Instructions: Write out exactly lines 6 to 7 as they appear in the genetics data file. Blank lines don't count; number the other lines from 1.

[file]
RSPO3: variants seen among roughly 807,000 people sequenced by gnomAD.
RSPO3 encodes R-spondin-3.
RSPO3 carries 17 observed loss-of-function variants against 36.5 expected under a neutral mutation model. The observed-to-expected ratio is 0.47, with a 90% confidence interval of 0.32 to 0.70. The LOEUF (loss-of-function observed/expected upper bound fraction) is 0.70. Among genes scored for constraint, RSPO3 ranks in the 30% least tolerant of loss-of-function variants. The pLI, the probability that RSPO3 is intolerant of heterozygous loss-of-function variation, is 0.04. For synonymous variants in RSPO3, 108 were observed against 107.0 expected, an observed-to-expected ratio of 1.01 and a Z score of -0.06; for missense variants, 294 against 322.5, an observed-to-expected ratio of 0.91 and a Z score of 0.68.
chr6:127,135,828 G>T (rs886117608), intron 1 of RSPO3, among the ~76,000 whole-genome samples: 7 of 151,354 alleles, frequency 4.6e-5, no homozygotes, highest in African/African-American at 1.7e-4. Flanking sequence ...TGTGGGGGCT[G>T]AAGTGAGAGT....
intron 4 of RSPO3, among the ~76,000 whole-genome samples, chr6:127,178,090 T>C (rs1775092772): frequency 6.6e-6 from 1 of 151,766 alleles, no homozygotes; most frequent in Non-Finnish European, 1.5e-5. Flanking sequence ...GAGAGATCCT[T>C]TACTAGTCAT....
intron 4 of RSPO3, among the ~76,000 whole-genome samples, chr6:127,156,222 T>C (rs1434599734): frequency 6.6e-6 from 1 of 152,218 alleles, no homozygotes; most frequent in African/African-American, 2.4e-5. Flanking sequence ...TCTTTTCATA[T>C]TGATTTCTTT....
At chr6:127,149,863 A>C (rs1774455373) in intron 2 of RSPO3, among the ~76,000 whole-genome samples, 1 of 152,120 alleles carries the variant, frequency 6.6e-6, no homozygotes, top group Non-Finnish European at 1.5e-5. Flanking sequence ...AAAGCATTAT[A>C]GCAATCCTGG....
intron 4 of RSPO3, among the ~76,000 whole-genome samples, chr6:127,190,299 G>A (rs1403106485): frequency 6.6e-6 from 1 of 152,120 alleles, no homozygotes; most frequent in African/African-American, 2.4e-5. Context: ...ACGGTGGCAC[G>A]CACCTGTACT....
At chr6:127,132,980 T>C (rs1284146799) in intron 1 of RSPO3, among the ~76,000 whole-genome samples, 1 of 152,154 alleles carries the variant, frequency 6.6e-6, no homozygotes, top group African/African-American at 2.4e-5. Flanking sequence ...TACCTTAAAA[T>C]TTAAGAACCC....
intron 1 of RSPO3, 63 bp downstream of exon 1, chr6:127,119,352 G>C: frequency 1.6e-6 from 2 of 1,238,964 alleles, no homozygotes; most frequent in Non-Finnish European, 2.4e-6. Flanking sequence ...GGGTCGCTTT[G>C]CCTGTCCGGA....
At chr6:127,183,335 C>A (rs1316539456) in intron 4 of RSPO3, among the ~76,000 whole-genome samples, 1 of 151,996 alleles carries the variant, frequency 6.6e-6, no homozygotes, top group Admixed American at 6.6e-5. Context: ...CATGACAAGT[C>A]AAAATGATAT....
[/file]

intron 4 of RSPO3, among the ~76,000 whole-genome samples, chr6:127,156,222 T>C (rs1434599734): frequency 6.6e-6 from 1 of 152,218 alleles, no homozygotes; most frequent in African/African-American, 2.4e-5. Flanking sequence ...TCTTTTCATA[T>C]TGATTTCTTT....
At chr6:127,149,863 A>C (rs1774455373) in intron 2 of RSPO3, among the ~76,000 whole-genome samples, 1 of 152,120 alleles carries the variant, frequency 6.6e-6, no homozygotes, top group Non-Finnish European at 1.5e-5. Flanking sequence ...AAAGCATTAT[A>C]GCAATCCTGG....